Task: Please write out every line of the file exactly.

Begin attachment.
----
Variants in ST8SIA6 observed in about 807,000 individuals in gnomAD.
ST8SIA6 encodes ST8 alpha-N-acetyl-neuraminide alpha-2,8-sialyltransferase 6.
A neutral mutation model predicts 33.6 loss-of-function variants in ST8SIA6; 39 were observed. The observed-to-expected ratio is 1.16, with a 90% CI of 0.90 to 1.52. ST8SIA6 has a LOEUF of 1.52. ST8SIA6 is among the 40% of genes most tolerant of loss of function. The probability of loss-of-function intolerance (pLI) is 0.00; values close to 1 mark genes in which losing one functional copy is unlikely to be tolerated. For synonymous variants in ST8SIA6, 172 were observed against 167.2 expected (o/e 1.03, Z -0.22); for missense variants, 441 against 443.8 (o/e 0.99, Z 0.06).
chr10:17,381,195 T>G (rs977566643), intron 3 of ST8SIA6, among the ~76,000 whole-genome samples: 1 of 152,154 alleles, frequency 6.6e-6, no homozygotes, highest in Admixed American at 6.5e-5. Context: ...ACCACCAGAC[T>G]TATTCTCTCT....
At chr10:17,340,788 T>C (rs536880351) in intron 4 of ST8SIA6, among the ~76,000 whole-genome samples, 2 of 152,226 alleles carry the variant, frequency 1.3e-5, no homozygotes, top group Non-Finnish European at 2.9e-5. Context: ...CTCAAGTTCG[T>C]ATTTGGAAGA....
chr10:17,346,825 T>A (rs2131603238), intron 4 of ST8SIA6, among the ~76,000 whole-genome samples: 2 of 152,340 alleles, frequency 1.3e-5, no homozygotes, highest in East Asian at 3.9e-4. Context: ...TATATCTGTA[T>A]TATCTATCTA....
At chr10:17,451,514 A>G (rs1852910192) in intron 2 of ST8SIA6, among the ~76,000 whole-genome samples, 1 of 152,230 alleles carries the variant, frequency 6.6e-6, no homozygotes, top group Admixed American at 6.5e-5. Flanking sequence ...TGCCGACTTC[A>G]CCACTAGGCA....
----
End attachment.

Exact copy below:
Variants in ST8SIA6 observed in about 807,000 individuals in gnomAD.
ST8SIA6 encodes ST8 alpha-N-acetyl-neuraminide alpha-2,8-sialyltransferase 6.
A neutral mutation model predicts 33.6 loss-of-function variants in ST8SIA6; 39 were observed. The observed-to-expected ratio is 1.16, with a 90% CI of 0.90 to 1.52. ST8SIA6 has a LOEUF of 1.52. ST8SIA6 is among the 40% of genes most tolerant of loss of function. The probability of loss-of-function intolerance (pLI) is 0.00; values close to 1 mark genes in which losing one functional copy is unlikely to be tolerated. For synonymous variants in ST8SIA6, 172 were observed against 167.2 expected (o/e 1.03, Z -0.22); for missense variants, 441 against 443.8 (o/e 0.99, Z 0.06).
chr10:17,381,195 T>G (rs977566643), intron 3 of ST8SIA6, among the ~76,000 whole-genome samples: 1 of 152,154 alleles, frequency 6.6e-6, no homozygotes, highest in Admixed American at 6.5e-5. Context: ...ACCACCAGAC[T>G]TATTCTCTCT....
At chr10:17,340,788 T>C (rs536880351) in intron 4 of ST8SIA6, among the ~76,000 whole-genome samples, 2 of 152,226 alleles carry the variant, frequency 1.3e-5, no homozygotes, top group Non-Finnish European at 2.9e-5. Context: ...CTCAAGTTCG[T>C]ATTTGGAAGA....
chr10:17,346,825 T>A (rs2131603238), intron 4 of ST8SIA6, among the ~76,000 whole-genome samples: 2 of 152,340 alleles, frequency 1.3e-5, no homozygotes, highest in East Asian at 3.9e-4. Context: ...TATATCTGTA[T>A]TATCTATCTA....
At chr10:17,451,514 A>G (rs1852910192) in intron 2 of ST8SIA6, among the ~76,000 whole-genome samples, 1 of 152,230 alleles carries the variant, frequency 6.6e-6, no homozygotes, top group Admixed American at 6.5e-5. Flanking sequence ...TGCCGACTTC[A>G]CCACTAGGCA....